Executive Interview: Meghan Medlin

Photo Courtesy of Meghan Medlin

Meghan Medlin has been in the nonprofit sector for over 16 years, leading the fight for employment and re-entry rights for several organizations. She is currently the CEO of her own nonprofit H.I.R.E., which specializes in matching previously incarcerated people with employers. I had the opportunity to intern with Meghan at H.I.R.E., to get an inside look at the world of nonprofits, and recently I had the pleasure of speaking with her about her journey to a career in public service. 

What were your career aspirations during college?

I went into college wanting to be a veterinarian but about halfway through my sophomore year, it dawned on me that that wasn’t something I wanted to do permanently. I had already completed so many science classes that I kept my major and shifted my focus to forensics with an interest in joining the FBI. Life had a different path for me, however, as I graduated too young to even apply for the FBI and my first job out of college (Program Director for Jenny Craig) led me into a snowball of positions that helped build the foundation for where I am today. 

How many positions did it take to get to where you are today? 

Number of jobs may be hard since I have worked 2-3 at all times my entire life, but main ones after college would include: Jenny Craig; Alpha Scientific Medical; Town & County Credit; Inductors Inc; AppleOne; Taller San Jose; OC Fair & Event Center and now Medlin Workforce & Reentry Solutions and H.I.R.E. (again, during all of those I was working other things–like my resume writing company, OCREP, tutoring etc.)

Was there a pivotal moment that prompted you to operate the non-profit? 

I ran a similar organization in the past and unfortunately not too long after I left the organization, it folded. In 2020, at the height of COVID, many people were being released early from jail and prison only to be met with closed doors or organizations operating virtually (to which they did not have access). Since I was previously known as the reentry resource person, my phone was ringing off the hook to help people. Seeing that the need was greater than ever and that my former organization was no longer operating, I decided to launch H.I.R.E.

What are the challenges of operating a non-profit versus a traditional career or position? 

Starting up can be tough–you generally have no funding, no infrastructure and are doing it all yourself (operations, programming, marketing, outreach, fundraising, you name it!) There never seems to be enough hours in the day, but at the end of the day it truly is rewarding. It is exciting to build something from the ground up and get others involved who share your passion. Being able to help people get on their feet and change their life around makes all the long hours, sore necks, and sleepless nights worth it!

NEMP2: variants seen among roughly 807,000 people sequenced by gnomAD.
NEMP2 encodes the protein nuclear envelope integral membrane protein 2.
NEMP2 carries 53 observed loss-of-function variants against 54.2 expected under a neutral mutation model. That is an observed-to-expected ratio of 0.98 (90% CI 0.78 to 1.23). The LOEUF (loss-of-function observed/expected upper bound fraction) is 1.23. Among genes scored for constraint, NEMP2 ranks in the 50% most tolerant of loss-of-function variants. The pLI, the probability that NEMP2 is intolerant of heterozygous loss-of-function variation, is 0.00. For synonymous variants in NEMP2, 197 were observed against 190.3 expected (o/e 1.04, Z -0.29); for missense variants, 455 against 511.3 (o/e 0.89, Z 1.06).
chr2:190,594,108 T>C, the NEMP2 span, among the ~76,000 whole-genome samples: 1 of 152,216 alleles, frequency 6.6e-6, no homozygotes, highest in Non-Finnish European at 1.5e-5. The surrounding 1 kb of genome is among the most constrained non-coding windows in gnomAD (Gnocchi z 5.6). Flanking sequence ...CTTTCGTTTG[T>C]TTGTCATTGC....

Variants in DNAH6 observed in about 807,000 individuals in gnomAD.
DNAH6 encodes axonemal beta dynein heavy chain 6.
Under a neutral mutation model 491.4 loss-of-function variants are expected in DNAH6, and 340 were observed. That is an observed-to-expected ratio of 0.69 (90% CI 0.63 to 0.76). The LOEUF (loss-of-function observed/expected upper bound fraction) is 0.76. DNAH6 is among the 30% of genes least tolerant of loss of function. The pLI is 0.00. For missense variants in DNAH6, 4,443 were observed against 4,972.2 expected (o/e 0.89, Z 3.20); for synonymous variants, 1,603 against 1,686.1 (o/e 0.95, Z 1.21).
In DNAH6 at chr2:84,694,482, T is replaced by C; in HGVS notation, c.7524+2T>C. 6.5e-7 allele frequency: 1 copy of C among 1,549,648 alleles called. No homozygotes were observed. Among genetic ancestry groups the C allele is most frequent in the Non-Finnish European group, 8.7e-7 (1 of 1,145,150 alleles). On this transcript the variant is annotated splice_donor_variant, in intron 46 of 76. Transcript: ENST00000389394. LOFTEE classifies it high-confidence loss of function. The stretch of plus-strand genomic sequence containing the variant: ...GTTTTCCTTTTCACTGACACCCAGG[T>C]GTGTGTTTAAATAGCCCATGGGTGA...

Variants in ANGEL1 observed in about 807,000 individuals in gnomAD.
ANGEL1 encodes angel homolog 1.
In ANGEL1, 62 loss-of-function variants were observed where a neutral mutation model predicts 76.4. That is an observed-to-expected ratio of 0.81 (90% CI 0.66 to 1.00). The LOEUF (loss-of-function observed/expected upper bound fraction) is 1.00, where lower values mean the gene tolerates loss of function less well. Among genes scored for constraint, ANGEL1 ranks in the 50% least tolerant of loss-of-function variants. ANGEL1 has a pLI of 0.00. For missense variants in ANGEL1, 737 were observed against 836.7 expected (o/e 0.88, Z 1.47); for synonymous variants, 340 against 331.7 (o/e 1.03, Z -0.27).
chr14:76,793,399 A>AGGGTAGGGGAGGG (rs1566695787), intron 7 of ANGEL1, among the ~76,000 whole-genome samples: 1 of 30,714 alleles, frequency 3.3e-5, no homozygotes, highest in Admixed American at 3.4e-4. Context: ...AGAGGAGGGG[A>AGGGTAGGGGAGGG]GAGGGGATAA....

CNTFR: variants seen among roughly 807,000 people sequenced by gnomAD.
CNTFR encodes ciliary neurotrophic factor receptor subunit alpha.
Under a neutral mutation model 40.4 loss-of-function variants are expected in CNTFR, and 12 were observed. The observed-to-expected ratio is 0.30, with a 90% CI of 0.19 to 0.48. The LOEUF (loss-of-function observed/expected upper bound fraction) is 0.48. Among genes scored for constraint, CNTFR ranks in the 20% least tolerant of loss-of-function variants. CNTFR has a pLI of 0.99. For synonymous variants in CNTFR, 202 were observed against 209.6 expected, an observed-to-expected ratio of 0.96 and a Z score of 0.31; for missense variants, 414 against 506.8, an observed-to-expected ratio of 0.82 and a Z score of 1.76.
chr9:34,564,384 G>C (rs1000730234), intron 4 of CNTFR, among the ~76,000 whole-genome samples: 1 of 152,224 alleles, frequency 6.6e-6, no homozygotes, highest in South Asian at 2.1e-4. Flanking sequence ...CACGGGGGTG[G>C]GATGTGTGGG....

What did you not know early in your career that you know today?

That taking care of your mental health should be a priority for everyone. I severely neglected my own well-being, personal life and mental health pretty much my entire career which ended up backfiring on me a few years ago. Learning how to carve time out for myself and better utilize those around you to help with tasks/work has been a huge learning lesson I wish I knew when I was younger. At the end of the day, you can work insane hours and pour everything you have into a job/organization (at the sacrifice of your own physical and mental health) that literally can decide to change course at any moment and replace you tomorrow. Then, after you leave, eliminate everything you created–leaving you wondering why you spent so much time neglecting yourself for the job. So my advice to my younger self and others would be that you must add your own well-being to the equation. 

What made you decide to focus on employment versus other aspects of re-entry?

Employment is my specialty! After being in sales for a number of years, I started doing recruiting (which is a form of sales) and found that I have a passion for helping people find a job/career that they love doing (and I’m pretty good at it!). This is what led me into nonprofit in the recession as I found a Job Developer position that had a steady salary versus surviving off of no commission. Little did I know that position would change my life. 

Shortly after starting at that job, I found I also had a passion for helping those with barriers stacked against them get employed. This is what led me down the path to where I am now, and I truly do enjoy matching employers with employees, making a beneficial partnership for them both! 

Do you have any advice for people wanting to go into the nonprofit sector and what they should expect?

It can be tough to break into, and on top of that, you’re more than likely not going to get rich, but the tradeoff you get from helping people (or other causes you’re passionate about) is immeasurable. 

I would suggest people volunteer or intern with different organizations to see if that is something they truly are interested in doing and also to help get them a foot in the door. At the end of the day, nonprofits have become more similar to the corporate world in that they operate more like businesses than stereotypical “charities.” There are large nonprofits, small start-ups and everything in between which all have different cultures, leadership, and ways of doing things. Every organization has challenges, so it’s finding one that has a mission that you’re passionate about and you would do for free if you had too—which is important because a lot of times you are working for free with all the long hours (haha). At the end of the day though, I can honestly say I truly love what I do and my heart is full knowing I am making a difference in our community—something not many get to say!